Because of the strange happenings associated with the head injury I sustained and the resultant ability to write creatively, it appears that my surreal experience is indeed a part of the whole scheme of things—I can’t wait to see what comes next! As a result, I have developed a passion for writing, which is now a labor of love for me. Writing has also allowed me to connect with others through my stories, hopefully stirring up those emotions that will bring excitement and entertainment to all of my readers. Penning a thrilling tale of horror provides  peace of mind, a sense of accomplishment, and teaches me patience—a necessity for any author who wishes to write well. An author must always remember that “The pen is mightier than the sword!” My goal in writing TRISOMY XXI was to produce a thrilling tale of mystery, horror, and science fiction that would mesmerize, enthrall, and horrify its reader. If readers do derive enjoyment from my book, and are unable to put it down, then I will have accomplished my mission!           
TRISOMY XXI, a horror/sci-fi/mystery novel, is the thrilling tale about the adventures of Joshua Allen, a sixteen-year-old boy who was born with an extra chromosome—a genetic aberration known as Trisomy XXI, or Down Syndrome. When a serious accident leaves him in a coma at the hospital, Joshua receives a mysterious injection that endows him with supernatural powers. The transformed teen is linked to a string of bizarre, unexplained deaths that have both the town’s sheriff and the coroner baffled. But when a ghastly creature from another planet lands on Earth and begins its hunt for Joshua—viciously slaughtering anyone in its path in order to complete its deadly mission—Joshua and his friends are thrown into a world of horror that is totally out of control. What follows is a horrific life-and-death struggle with the seemingly-indestructible extraterrestrial being. The salvation of an entire race of aliens hangs in the balance!
A unique novel unlike any other book you have ever read, TRISOMY XXI will provide an epicurean feast of horror, science fiction, and mystery—all seasoned with a pinch of humor that will satiate the appetite of even the most gourmet of readers.  If the likes of Stephen King, Clive Barker, and Michael Crichton were ever to have collectively penned a spine-tingling tale of horror, this would be it! Delivering a roller-coaster ride full of thrills for its unsuspecting audience, TRISOMY XXI will intrigue every intelligent reader with its alluring array of unforeseen twists and turns. Packed with tension and excitement, this chimeric version of Alien meets The Thing is a powerful story that is guaranteed to capture your immediate attention. You won’t be able to put this book down! TRISOMY XXI, awarded Five-Stars by READERS’ FAVORITE BOOK REVIEWS, has been nominated for a 2016 INDIE Award  in the “horror” and “science fiction” categories, and was recommended for consideration of a 2016 Bram Stoker Award in the “new novel” category.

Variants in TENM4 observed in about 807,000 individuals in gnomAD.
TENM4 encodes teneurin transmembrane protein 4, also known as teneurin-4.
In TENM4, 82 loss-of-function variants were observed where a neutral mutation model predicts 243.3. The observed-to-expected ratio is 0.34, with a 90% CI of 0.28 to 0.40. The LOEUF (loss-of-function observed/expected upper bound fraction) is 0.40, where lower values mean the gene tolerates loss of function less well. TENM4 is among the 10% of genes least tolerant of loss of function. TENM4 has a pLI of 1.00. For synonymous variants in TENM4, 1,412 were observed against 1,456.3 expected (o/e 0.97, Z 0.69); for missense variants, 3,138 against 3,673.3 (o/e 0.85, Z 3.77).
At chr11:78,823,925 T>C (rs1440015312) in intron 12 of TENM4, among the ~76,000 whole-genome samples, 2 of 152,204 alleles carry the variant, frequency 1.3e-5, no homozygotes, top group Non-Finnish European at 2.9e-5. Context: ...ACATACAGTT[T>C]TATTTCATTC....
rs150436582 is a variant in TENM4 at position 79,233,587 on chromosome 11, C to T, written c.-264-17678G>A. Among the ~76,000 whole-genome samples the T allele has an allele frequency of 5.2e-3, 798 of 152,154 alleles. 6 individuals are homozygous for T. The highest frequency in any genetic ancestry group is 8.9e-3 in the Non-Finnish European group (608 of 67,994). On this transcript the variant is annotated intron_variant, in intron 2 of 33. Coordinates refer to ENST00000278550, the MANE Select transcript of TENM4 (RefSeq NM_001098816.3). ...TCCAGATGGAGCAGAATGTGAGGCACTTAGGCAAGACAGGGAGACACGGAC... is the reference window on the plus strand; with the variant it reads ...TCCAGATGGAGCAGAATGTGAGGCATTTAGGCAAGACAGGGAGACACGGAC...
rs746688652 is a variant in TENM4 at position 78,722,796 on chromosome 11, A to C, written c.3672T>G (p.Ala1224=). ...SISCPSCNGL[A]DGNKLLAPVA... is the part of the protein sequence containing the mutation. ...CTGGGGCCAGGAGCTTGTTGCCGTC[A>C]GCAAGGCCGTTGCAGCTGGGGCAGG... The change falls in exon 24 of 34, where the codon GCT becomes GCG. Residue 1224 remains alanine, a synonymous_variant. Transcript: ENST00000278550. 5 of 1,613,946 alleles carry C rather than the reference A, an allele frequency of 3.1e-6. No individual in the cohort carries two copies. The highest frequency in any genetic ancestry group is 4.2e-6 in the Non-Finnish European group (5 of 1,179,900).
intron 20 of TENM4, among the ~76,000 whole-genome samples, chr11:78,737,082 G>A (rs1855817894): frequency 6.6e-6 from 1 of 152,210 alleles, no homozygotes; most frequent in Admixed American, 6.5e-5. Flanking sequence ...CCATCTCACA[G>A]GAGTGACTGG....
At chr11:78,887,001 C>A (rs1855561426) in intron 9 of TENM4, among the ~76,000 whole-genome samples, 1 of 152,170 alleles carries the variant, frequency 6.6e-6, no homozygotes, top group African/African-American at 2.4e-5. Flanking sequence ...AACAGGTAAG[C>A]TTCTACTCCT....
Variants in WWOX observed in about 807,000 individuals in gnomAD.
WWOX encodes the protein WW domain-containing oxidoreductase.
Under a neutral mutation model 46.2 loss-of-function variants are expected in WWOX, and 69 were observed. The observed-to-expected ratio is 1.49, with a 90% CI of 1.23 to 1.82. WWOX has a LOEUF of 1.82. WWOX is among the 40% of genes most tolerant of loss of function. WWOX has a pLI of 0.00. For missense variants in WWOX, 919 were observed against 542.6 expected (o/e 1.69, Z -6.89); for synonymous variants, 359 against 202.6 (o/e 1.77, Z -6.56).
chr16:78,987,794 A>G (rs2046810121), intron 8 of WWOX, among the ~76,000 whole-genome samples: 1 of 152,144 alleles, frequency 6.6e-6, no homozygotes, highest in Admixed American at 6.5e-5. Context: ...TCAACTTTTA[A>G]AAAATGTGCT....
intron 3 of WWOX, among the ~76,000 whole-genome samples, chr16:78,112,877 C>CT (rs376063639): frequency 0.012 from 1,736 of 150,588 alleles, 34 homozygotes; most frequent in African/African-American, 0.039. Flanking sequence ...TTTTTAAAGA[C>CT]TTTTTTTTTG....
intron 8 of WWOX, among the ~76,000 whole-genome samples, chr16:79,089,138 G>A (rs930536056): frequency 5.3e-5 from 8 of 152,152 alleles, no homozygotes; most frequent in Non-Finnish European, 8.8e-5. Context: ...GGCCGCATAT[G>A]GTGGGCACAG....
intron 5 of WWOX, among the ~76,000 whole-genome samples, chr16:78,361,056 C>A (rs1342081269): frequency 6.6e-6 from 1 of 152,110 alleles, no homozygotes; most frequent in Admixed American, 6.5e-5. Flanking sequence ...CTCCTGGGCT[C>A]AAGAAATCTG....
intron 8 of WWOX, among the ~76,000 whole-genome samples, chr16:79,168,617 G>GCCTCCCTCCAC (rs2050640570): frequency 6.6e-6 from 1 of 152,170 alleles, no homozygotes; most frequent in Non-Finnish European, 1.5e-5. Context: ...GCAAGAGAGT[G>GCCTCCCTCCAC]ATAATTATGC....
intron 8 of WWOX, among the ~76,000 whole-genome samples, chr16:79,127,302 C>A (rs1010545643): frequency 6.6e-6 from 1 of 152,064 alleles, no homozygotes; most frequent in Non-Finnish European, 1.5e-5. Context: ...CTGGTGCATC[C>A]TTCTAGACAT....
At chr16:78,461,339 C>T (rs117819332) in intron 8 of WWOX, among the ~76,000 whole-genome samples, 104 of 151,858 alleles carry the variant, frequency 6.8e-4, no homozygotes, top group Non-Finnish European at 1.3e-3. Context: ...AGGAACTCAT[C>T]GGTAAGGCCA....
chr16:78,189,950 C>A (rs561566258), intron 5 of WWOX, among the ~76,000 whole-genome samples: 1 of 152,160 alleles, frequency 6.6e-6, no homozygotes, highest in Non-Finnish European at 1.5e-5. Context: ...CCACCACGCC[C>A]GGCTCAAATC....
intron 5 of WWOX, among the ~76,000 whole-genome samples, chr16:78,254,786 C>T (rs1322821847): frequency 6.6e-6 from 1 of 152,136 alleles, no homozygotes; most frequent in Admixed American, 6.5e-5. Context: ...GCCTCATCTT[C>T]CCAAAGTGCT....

I  recently completed my second novel, ANTITHEUS, a dark, supernatural tale of horror that takes Good versus Evil to a whole new level. The Florida Writers Association has notified me that ANTITHEUS is a finalist in the unpublished book-length fiction - mystery genre category of the 2016 Royal Palm Literary Awards (RPLA) competition, which I am thrilled about. Currently, my neurons are busy at work processing a third manuscript, a horrifying mystery involving the macabre, which like my other books, contains an O. Henry or Rod Serling surprise ending that would baffle even the likes of the great Sherlock Holmes! 
From my early childhood, I have always been a diehard fan of science fiction and horror. Whenever a scary movie was playing down at the local theatre, I was there in attendance with my friends, loudly screaming in terror alongside them. I enjoy many hobbies, but the game of golf is one of my favorites, having lettered on my high school golf team. Besides writing, I also enjoys reading, traveling, fishing, swimming, snorkeling, working out, listening to hard rock music, and watching great movies—especially those genres that encompass horror, science fiction, mystery, and comedy. I live in Texas with his wife, a son and daughter, and two Bengal cats named Phinneas and Shamus. Many of my friends now refer to me as “the savant horror author.”  
I do have a host of favorite authors, which include the likes of Edgar Allan Poe, Stephen King, Clive Barker, H.P. Lovecraft, Bram Stoker, Ray Bradbury, Mary Shelley, Robert Louis Stevenson, H.G. Wells, Rod Serling, Michael Crichton, Shirley Jackson, Dean Koontz, and Robin Cook, just to name a few.
You can find out more information about G.A. Minton and Trisomy XXI at the websites listed below:
http://www.worldcastlepublishing.com/author_g_a_minton.html for G.A. Minton author webpage at World Castle Publishing